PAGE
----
Investors flocked to Zipcar Inc. on Thursday, its first day as a public company, sending the car-sharing service's stock soaring 56 percent.
That performance means Zipcar had one of the best initial public offerings of 2011 in terms of first-day increases for its stock. It trails only Qihoo 360 Technology Co., which went public in March and climbed 135 percent that day.
Zipcar shares priced at $18 on Wednesday night, totaling $174 million. The stock had soared to $28 by the time the markets closed Thursday. That was far above the company's original projections of $14 to $16 per share.
The warm reception also led investors who had already been backing the company to cash out more shares than they originally planned -- about 3 million shares versus 1.7 million.
Investors were also closely watching the IPO of Arcos Dorados Holdings Inc., the largest franchisee of McDonald's Corp. restaurants. Its stock climbed 25 percent.
However, investors didn't reward the IPO market wholesale. Two other companies that went public Thursday, TMS International Corp. and Box Ships Inc., fell after opening.
Analysts said that Zipcar's success was partly a result of its name recognition and cool factor, and they cautioned that its red-hot performance can't last forever.
About 11.3 million shares changed hands Thursday, though the company offered only 9.7 million, so some investors were flipping their shares and getting out immediately.
Scott Sweet, managing partner of IPOBoutique.com, called Zipcar a "cult stock," meaning that some of its investors are people who like Zipcar as a service, not necessarily people who have examined the company's financial statements.
He compared the phenomenon to doughnut lovers who bought Krispy Kreme Doughnuts Inc., which is now trading at a fraction of its debut price in 2000.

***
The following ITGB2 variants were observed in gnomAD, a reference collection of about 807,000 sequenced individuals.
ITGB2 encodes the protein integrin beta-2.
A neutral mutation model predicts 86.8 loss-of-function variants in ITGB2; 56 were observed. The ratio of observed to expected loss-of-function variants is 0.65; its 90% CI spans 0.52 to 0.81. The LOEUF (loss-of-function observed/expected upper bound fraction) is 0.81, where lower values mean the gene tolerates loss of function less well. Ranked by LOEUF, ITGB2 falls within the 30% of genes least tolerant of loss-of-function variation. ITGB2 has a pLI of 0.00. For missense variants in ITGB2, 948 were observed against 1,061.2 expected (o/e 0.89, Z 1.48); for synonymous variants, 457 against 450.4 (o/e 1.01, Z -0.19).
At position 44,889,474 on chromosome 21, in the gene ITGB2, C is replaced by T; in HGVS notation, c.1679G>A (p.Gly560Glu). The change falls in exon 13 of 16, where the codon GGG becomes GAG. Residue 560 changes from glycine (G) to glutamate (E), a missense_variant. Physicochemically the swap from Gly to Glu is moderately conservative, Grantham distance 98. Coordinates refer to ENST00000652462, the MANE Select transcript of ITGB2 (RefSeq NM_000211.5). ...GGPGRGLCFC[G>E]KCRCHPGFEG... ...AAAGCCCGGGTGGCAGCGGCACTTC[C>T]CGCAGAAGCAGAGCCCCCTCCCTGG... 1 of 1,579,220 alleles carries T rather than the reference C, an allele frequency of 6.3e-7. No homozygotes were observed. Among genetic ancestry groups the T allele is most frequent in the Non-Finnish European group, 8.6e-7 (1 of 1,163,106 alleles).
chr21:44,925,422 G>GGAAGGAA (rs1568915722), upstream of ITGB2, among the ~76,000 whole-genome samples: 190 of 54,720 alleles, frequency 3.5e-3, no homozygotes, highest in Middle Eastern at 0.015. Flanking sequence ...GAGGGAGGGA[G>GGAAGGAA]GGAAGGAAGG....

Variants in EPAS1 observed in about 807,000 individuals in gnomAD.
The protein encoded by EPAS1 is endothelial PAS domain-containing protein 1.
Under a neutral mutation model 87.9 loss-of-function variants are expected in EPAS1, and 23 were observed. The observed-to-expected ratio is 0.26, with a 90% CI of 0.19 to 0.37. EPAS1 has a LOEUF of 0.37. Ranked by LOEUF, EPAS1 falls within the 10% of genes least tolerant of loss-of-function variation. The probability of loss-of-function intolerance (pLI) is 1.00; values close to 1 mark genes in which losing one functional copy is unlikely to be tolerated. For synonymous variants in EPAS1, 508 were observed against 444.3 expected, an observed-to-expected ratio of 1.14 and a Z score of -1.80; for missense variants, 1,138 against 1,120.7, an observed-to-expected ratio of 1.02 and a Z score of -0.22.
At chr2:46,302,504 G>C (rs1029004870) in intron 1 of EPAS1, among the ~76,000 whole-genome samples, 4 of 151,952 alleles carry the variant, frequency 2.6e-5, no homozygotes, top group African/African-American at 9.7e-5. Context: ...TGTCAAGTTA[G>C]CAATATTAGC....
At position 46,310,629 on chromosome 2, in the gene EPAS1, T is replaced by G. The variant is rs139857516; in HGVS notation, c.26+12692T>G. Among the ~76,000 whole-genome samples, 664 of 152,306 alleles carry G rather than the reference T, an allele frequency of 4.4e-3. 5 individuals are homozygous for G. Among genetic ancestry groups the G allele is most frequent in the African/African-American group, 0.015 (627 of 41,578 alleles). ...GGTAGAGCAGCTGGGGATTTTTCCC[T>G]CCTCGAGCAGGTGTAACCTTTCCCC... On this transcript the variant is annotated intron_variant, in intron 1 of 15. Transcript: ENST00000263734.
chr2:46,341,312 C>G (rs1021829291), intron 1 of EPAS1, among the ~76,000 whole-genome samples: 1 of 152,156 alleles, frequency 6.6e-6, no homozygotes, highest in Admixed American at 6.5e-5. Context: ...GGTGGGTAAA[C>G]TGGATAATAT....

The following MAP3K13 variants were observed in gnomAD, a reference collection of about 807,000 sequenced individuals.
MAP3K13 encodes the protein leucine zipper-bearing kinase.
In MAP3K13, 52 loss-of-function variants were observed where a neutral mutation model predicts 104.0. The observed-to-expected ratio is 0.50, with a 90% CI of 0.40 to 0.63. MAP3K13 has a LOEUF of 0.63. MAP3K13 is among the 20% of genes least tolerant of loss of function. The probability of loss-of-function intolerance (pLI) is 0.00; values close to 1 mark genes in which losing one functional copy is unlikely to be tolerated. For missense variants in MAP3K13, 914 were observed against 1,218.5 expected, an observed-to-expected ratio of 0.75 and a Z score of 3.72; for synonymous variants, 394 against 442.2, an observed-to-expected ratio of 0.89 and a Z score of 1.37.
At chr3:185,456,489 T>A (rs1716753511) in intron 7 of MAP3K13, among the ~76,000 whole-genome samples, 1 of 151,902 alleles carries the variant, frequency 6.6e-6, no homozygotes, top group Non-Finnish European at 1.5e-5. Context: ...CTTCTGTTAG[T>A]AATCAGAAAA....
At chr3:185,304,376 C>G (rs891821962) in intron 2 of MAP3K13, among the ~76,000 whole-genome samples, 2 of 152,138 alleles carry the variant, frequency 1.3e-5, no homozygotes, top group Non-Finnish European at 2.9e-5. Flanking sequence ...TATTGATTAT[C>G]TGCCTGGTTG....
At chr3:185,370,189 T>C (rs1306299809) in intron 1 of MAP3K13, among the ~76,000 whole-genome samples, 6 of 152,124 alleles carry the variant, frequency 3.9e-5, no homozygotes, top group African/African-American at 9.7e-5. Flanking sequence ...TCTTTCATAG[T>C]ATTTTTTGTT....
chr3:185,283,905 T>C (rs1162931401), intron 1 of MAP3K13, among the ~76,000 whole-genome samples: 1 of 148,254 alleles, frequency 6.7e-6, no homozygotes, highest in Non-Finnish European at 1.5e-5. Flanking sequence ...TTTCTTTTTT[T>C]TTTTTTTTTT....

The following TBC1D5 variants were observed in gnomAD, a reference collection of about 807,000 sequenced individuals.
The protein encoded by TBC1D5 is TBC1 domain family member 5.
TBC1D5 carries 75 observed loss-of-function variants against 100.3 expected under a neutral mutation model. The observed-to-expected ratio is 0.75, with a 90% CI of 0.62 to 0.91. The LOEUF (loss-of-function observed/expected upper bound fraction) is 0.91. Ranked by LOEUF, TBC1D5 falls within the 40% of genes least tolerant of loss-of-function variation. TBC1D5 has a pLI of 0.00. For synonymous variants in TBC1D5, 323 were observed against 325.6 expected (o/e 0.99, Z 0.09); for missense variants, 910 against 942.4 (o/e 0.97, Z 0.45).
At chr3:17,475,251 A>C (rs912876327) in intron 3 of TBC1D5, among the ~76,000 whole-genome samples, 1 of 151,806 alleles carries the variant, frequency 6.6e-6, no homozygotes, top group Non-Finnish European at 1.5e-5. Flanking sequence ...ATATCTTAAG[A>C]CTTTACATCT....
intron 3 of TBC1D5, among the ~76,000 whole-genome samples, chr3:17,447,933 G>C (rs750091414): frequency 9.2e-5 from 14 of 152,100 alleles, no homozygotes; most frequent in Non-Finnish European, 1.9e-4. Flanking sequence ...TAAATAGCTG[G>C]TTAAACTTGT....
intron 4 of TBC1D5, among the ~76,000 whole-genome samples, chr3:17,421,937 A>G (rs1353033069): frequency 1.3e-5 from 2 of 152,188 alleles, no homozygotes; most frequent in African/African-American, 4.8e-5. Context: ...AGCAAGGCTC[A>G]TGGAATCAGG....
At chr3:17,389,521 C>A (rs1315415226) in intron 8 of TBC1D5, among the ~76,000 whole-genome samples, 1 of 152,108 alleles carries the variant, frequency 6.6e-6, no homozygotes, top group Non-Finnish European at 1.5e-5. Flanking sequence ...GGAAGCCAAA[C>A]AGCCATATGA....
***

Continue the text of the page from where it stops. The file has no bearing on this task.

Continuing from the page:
"Cult IPOs have a history of doing well for long periods of time," Sweet said. "But if they ever miss their numbers, they get clobbered."
Francis Gaskins, president of IPOdesktop.com, said he thought both Zipcar and Arcos were over-valued on their first day. He said Zipcar should worry about competition from the rental car companies, like Enterprise Rent-A-Car, that have started rival car-sharing programs, and he questioned the depth of Zipcar customers' loyalty.
"When you rent a car, there's not much brand allure there -- who cares?" Gaskins said. "It's just, 'Can you get it?' and 'What's the price?'"
Zipcar sold another 6.7 million shares.
Zipcar has said it plans to use its portion of the IPO proceeds to pay down debt as well as for "the development of new services, sales and marketing activities."
The company, founded in 2000, has never turned a profit. In an interview with The Associated Press, CEO Scott Griffith declined to predict when the company might turn profitable. But he noted that paying down debt will free up capital. He said the company intends to keep a strong balance sheet because it's always borrowing to get more cars.
Griffith said there is still room to expand in the U.S., despite Americans' long love affair with their cars. But eventually, he said, the company expects only about 30 percent of its revenue to come through North America, with expansion focused on Europe and Asia.
Unlike a car-rental program, car-shares like Zipcar don't require customers to visit a store to pick up keys. Rather, members pay an annual fee, sign up to rent cars that happen to be parked nearby, and unlock them with their keycards. Also, Zipcar does not require customers to rent cars for an entire day.
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